4 decades of public safety dedication retires

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From left, newly promoted Captain Justin Wietholter, Chief Rob Nader, newly promoted Assistant Chief Brian Valenti, and retiring Assistant Chief Brian Steffen listen as the Board of Commissioners praised Covington’s police department as “the best police force in Kentucky.”

Police, fire assistant chiefs praised as mentors

 COVINGTON, Ky. - In an evening filled with effusive praise and sincere gratitude, the City of Covington said “good-bye” Tuesday to two of its highest-ranking and longest-serving public safety officers.
Assistant Chiefs Brian Steffen and Chris Kiely are retiring, Steffen after more than 21 years with the Police Department and Kiely after 23 years with the Fire Department.
Before a Commission chambers filled with family, friends, and fellow police officers and firefighters, Steffen and Kiely were praised by their chiefs and by elected officials as mentors and dedicated servants who over the years had filled many roles within their departments.
The assistant chiefs then took the mic themselves to thank City officials, colleagues, the public and especially their families.
Chief Steffen
Steffen served in a variety of capacities in Covington’s department, including Bike Patrol, SWAT, Narcotics, and spokesman, Chief Rob Nader said, and he pushed the City to adopt new technology on numerous fronts.
“He was a mentor and role model to all the officers. He always showed professionalism and compassion, both inside the department and to the public,” Nader said. “He is going to be missed.”
Steffen praised Nader’s leadership and in his remarks gave individualized “thanks” to several categories of people, including command staff, elected and appointed City leadership, his fellow officers, the public, and especially his wife.
He said he was proud of the department’s positive relationship with the broader Covington community and said his philosophy as a cop has been to always try “to do the right thing at the right time for the right reason.”
Like others, he lamented the impact of first responders’ careers on their families:
“We have a front-row seat to all forms of human tragedy,” Steffen said. “When we suffer, they suffer too.”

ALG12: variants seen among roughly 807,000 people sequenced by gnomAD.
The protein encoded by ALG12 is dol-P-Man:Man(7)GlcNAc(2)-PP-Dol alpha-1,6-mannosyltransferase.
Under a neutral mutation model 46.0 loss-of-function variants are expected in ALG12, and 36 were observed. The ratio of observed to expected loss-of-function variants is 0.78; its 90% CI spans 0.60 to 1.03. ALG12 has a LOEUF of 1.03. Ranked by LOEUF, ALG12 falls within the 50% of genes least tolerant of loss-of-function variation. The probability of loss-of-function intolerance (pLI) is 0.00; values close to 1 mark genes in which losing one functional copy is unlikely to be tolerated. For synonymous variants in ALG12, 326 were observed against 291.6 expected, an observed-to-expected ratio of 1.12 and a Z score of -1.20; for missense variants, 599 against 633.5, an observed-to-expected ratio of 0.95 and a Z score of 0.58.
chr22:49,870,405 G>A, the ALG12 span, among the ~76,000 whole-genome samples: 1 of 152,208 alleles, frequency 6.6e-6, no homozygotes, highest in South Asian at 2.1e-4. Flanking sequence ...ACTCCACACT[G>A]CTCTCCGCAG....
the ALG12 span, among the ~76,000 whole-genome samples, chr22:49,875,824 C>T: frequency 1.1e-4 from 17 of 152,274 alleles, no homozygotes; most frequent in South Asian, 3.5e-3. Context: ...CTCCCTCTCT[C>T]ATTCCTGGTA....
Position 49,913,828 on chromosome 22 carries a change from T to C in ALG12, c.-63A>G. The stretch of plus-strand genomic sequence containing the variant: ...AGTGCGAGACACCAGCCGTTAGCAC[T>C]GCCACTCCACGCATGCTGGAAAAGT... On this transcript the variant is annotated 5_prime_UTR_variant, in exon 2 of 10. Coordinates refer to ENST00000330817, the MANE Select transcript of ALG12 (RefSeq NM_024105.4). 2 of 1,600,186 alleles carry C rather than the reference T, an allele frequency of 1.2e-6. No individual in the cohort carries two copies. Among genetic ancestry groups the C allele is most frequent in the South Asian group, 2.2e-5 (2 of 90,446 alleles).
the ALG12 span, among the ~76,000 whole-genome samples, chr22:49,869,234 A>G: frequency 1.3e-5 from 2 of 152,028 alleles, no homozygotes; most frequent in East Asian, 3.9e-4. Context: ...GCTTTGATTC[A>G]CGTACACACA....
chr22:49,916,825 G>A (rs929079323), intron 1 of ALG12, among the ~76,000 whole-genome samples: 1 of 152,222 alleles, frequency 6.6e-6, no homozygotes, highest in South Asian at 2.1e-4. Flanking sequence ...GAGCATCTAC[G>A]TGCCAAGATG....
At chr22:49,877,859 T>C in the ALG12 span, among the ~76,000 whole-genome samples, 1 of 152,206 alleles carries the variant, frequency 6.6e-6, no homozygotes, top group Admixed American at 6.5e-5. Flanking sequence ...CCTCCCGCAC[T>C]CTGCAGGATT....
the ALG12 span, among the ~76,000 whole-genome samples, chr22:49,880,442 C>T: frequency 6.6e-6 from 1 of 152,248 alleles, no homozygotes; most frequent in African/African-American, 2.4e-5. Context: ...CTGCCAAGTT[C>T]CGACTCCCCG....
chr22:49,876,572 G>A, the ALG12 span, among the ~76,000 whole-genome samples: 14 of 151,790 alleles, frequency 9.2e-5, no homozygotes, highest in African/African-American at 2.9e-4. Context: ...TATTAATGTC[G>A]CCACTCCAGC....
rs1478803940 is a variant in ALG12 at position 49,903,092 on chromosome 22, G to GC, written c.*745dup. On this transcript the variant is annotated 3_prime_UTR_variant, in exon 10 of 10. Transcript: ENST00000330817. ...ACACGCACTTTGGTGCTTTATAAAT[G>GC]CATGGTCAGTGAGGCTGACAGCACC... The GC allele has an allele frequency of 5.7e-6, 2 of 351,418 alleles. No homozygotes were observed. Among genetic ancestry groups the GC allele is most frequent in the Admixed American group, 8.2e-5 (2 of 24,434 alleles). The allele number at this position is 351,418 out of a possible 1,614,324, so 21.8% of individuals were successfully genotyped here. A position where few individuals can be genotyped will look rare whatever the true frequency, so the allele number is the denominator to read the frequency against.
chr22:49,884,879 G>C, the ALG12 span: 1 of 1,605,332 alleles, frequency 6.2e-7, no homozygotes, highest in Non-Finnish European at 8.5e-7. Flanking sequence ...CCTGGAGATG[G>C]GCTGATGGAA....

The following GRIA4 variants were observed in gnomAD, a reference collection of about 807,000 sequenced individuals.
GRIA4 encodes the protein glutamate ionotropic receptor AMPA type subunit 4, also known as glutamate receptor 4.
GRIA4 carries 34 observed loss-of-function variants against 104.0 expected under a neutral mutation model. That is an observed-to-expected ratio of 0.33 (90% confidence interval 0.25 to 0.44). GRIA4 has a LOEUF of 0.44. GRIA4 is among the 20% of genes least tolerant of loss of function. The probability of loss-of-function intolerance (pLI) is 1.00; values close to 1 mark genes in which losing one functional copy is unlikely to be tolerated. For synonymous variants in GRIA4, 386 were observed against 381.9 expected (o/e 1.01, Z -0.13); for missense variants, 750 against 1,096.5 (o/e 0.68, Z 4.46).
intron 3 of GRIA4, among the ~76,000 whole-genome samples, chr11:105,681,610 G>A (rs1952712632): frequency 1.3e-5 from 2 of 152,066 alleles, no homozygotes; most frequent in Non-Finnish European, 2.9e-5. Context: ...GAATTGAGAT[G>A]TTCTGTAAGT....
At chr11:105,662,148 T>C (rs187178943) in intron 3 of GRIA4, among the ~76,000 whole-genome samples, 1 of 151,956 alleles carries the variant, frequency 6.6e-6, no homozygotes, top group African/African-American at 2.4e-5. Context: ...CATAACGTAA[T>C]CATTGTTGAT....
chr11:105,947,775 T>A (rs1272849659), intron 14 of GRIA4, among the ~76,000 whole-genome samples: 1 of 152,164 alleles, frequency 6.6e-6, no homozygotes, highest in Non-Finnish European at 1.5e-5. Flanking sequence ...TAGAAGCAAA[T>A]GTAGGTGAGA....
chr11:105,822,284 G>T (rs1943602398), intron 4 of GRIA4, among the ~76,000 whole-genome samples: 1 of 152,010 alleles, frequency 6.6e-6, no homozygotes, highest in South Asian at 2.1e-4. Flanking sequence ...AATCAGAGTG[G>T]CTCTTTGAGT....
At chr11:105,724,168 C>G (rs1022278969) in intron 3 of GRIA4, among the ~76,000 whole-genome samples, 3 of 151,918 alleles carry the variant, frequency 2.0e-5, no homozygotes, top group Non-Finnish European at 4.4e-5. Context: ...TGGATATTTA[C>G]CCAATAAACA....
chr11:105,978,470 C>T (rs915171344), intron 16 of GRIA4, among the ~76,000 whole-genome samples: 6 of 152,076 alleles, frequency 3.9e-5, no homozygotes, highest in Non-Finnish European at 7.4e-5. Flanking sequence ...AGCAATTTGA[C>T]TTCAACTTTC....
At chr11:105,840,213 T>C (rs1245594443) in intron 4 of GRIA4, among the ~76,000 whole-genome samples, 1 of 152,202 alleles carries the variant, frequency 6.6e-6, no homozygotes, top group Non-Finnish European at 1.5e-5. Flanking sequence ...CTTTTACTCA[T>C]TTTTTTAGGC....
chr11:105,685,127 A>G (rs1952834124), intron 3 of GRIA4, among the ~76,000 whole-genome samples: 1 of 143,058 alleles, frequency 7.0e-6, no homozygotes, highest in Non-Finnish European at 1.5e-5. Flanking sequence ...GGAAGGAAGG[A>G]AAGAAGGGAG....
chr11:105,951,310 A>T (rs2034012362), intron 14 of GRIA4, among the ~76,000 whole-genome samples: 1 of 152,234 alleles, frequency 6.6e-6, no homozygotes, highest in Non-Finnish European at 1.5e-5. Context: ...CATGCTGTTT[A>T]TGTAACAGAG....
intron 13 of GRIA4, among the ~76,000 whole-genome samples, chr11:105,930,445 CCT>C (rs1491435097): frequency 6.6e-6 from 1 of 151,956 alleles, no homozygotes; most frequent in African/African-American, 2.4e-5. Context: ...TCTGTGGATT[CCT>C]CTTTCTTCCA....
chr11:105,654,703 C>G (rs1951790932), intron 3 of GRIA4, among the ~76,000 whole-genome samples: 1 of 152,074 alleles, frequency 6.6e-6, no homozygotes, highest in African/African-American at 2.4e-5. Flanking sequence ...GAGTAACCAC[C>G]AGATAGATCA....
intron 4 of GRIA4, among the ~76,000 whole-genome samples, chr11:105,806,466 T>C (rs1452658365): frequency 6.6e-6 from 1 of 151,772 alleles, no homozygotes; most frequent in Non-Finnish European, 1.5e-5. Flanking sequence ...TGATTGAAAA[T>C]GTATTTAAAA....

Chief Kiely
Kiely started in Covington in 1996 and was promoted to assistant chief of fire prevention and public education in 2006, over the years building the inspection bureau into a top-notch operation, Fire Chief Mark Pierce said.

The retirement of Assistant Fire Chief Chris Kiely “will leave a large gap in our institutional knowledge,” Chief Mark Pierce said.

“During his time with the department, he has always taken any opportunity to learn more and polish his craft,” Pierce said, citing the many, many certifications earned by Kiely, including as fire investigator and fire inspector. “His retirement will leave a large gap in our institutional knowledge.”
In his remarks, Kiely talked about balancing his dedication to his family and the department, especially during his early years with the difficult schedules that firefighters endure.
“There was a lot of time away from my family, but it’s a great career,” he said.
Police promotions
The City Commission also approved several promotions within the Police Department to fill command staff vacancies left by Steffen’s departure, as recommended by Chief Nader.
Captain Brian Valenti was named assistant chief. Valenti came to Covington as an officer in 1996 and is currently the Patrol Bureau commander and public information officer. He has a Master’s degree in executive leadership and organizational change and is a graduate of the FBI National Academy.
Valenti told the Commission he was “ready to hit the ground running,” reiterated the impact on families of the “middle-of-the-night wake-ups,” and saluted Covington’s rank-and-file officers. “For us to be successful as a command staff, we have to have the support of officers who work with us,” he said.
To fill Valenti’s position as Captain, the Commission approved Nader’s recommended promotion of Lt. Justin Wietholter.
Wietholter began his career as a cadet in Covington in 2005 and served in Bike Patrol, SWAT and Narcotics. He also has a Master’s degree in executive leadership and organizational change and is a graduate of the FBI National Academy. He also is “a legacy,” with Wietholter’s father having been a Covington officer, Nader said.
Also Tuesday, Nader announced the retirement of detective Corey Warner, a 20-year officer who - like many recent retiring police officers and firefighters - cited the pending changes in the state’s pension system as the reason for his retirement.
Fire department arrivals
Also Tuesday, the Commission approved the hiring of nine firefighter recruits to fill vacancies caused by retirees: Michael Gullett, Terry Galliher, Kevin Davis, Brandon Padilla, Sara McPherson, Chase Autry, Ryan Ruberg, Tyler Sipes, and Peter Doherty.

Adorned in their dress uniforms (and standing in better lighting), Wietholter, Steffen, Nader, and Valenti pose after the meeting.

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